A CAP symposium opened the CTAD conference, indicating that presymptomatic treatment and “federated” research have become mainstream thinking in Alzheimer’s therapy development. EPAD is pulling together European sites.
At CTAD, former FDA neurology leader Rusty Katz urged Alzheimer’s trialists to stop fussing over disease progression. He recommended going after a large effect, regardless of whether it can garner a label of disease modification. That, he says, may mean combination trials.
Lipoprotein cap on pigment cell exosomes is essential for production of an amyloid scaffold that concentrates melanin.
A new trend in cell biology points to vesicles released from cells as agents that form and spread pathogenic proteins.
The amino terminus toggles between a neatly folded nucleic acid-binding domain and a disorganized configuration that forms inclusions.
Tiny secreted vesicles emerge as important players in communication between brain cells. Are they important in neurodegeneration?
CTAD Shows Alzheimer’s Field Trying to Reinvent Itself Rusty Unleashed: Forget Disease Modification, Go For Big Effect From Shared CAP, Secondary Prevention Trials are Off and Running The development of the next generation of Alzheimer’s disease ...
A sense of change on all fronts pervaded the Clinical Trials on Alzheimer’s Disease conference. Scientists shared their early experiences of what works and what does not as they begin trials with newly defined cohorts, new diagnostic criteria, and new outcomes.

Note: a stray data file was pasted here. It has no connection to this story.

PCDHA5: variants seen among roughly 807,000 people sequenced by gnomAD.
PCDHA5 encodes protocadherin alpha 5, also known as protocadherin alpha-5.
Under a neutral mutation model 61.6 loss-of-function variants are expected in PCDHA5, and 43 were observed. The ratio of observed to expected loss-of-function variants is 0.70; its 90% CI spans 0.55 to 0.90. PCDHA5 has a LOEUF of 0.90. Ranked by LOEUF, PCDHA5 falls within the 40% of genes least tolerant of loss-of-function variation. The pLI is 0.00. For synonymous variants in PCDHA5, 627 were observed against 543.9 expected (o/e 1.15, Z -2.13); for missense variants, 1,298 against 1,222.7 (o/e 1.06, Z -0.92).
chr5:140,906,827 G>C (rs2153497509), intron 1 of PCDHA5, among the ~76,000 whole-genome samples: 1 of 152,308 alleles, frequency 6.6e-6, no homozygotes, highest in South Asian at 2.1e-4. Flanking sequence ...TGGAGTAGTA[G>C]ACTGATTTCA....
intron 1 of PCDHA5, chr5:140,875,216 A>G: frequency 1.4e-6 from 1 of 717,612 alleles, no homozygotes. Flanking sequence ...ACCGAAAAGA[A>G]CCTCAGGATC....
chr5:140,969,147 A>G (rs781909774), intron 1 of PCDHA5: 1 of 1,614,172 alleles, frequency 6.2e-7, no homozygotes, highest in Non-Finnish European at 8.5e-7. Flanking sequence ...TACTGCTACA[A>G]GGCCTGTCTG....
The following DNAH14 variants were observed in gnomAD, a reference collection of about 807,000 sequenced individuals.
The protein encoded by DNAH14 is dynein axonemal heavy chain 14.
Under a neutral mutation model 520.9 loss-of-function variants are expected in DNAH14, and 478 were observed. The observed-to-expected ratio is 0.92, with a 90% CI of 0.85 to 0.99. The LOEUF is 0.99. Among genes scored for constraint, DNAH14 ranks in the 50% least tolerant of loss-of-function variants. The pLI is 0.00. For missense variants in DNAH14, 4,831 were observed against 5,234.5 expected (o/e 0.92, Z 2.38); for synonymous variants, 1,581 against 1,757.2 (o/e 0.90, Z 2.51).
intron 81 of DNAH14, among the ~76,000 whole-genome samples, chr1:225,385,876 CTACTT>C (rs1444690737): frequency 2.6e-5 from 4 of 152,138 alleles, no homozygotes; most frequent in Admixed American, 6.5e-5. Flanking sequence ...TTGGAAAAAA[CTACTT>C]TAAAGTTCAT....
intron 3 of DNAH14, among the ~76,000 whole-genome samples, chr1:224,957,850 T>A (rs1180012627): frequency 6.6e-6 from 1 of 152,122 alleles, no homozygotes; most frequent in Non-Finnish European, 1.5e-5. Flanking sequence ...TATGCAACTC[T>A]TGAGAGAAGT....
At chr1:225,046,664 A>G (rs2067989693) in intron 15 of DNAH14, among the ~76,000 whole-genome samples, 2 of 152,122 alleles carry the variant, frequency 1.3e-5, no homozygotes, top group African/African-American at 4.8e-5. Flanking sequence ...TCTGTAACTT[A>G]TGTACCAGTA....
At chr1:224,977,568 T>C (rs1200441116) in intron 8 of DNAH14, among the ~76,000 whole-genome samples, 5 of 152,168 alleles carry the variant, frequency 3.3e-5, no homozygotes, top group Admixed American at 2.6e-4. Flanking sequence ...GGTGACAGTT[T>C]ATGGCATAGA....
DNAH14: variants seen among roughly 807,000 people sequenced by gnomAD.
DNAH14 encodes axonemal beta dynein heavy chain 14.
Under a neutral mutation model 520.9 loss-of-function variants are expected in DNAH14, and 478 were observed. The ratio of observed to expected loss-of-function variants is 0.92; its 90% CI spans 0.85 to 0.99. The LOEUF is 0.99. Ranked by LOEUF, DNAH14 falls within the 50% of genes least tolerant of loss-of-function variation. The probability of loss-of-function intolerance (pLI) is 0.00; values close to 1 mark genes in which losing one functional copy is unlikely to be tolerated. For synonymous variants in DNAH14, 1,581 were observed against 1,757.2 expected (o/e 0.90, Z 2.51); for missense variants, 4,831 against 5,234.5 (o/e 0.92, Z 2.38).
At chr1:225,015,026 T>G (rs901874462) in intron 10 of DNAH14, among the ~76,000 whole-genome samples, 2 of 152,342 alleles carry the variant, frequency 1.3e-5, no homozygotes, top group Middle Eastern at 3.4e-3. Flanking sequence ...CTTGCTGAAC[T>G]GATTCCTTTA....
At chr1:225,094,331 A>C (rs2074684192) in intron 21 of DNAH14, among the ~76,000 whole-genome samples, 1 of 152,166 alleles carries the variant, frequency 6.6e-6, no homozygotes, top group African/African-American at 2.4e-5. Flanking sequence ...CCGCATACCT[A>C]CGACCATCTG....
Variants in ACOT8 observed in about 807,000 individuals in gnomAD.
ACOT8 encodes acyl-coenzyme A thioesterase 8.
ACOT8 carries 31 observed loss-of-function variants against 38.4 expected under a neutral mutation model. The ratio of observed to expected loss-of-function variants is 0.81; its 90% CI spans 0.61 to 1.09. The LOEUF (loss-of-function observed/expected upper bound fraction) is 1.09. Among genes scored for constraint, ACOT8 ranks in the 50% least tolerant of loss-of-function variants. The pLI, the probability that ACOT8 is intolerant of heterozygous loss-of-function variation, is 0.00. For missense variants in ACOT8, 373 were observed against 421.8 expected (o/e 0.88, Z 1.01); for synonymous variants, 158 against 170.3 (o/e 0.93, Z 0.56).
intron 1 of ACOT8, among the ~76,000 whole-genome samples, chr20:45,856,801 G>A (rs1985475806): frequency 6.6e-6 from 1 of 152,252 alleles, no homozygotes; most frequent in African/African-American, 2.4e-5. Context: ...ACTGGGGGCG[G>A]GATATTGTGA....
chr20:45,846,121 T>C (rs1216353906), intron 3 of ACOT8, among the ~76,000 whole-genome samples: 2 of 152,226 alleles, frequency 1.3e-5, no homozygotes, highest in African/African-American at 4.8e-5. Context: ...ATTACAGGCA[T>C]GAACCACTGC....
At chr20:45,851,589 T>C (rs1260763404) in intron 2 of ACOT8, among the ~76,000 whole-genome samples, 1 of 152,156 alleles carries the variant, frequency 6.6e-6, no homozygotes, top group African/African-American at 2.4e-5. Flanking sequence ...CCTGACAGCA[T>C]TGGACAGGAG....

After lighting up microglia in mouse models of AD, a tracer is headed for clinical trials.
Medication blocks molecular transporters that eject riluzole from the nervous system.
Protein touted as a peripheral monocyte receptor that worsens amyloid plaque pathology in transgenic mice.
High doses of BACE1 inhibitors stymie synaptic activity in mice. Researchers recommend careful dosing in clinical trials.
Having variants in three, or even two, genes for amyotrophic lateral sclerosis brings on symptoms a decade earlier. This also happens in sporadic cases, bringing the very term into question, researchers say.
A study in a mouse model of Alzheimer’s disease proposes that degenerating neurons become more excitable because they lose dendrites.
A micro-immunoelectrode allows researchers measure Aβ levels in the interstitial fluid of mice every 30 seconds.